Idaho homeowners who live along some lakes and rivers are finding that changes made to the National Flood Insurance Program are causing their insurance premiums to increase.
Earlier this year part of a new law, called the Biggert-Waters Insurance Reform Act, went into effect phasing out flood insurance subsidies on many older homes. In addition, the federal government has been revising its flood zone maps and reassessing the level of flood risk for various areas.
As a result, many homeowners are being required to buy flood insurance for the first time or pay higher premiums on existing policies.
In some cases premiums of less than $1,000 a year may jump to $8000 over the next five years. FEMA, which monitors the program, said premiums are expected to jump to a level that FEMA estimates to be the property’s true value of coverage.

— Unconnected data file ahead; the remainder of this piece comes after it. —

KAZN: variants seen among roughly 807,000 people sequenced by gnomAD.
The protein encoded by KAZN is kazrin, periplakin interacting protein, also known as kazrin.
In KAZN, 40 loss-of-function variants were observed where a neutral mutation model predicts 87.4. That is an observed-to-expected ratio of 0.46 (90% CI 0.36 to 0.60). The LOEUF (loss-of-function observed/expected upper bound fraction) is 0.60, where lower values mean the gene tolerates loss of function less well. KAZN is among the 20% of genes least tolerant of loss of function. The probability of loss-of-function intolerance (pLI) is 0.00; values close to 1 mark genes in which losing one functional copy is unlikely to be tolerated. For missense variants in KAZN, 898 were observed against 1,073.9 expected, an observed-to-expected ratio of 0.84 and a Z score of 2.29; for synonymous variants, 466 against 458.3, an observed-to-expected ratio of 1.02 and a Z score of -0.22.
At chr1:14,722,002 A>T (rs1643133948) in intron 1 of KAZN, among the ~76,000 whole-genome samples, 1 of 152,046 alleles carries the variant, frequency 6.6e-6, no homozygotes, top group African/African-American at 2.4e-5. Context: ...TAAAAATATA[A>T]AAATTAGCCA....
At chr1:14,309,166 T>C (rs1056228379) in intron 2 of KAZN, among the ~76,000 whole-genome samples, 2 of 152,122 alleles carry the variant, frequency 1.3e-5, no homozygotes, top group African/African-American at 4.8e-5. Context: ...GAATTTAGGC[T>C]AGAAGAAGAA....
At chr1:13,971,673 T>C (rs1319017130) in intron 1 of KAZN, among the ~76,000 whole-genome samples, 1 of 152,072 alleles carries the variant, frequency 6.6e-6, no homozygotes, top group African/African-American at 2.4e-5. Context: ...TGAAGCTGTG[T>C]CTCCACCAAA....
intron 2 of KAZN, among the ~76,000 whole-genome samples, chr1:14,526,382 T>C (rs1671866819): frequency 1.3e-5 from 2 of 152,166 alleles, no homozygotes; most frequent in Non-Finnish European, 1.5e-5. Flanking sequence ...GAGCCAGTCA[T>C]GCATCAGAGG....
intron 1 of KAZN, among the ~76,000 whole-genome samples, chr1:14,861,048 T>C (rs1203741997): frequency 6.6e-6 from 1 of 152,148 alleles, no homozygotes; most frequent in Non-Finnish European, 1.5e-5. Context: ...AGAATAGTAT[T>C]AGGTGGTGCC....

Because of the re-mapping, an effort that took place over the past 5 years or more, some homes that were not before considered to be in a flood zone are now designated as flood zone properties.
Critics of the program say that the spike of increased rates could have been avoided if FEMA had updated its maps regularly. The previous maps were 20 years old. Map upgrading every few years would have prompted gradual rate hikes of around 5 percent.
The hikes are meant to shore up the coffers of FEMA’s federal flood insurance program which is $300 billion in debt due in part to disbursements made to property owners who fell victim to the Sandy and Katrina Hurricanes.
More information here: http://www.fema.gov/national-flood-insurance-program
-Based on wire reports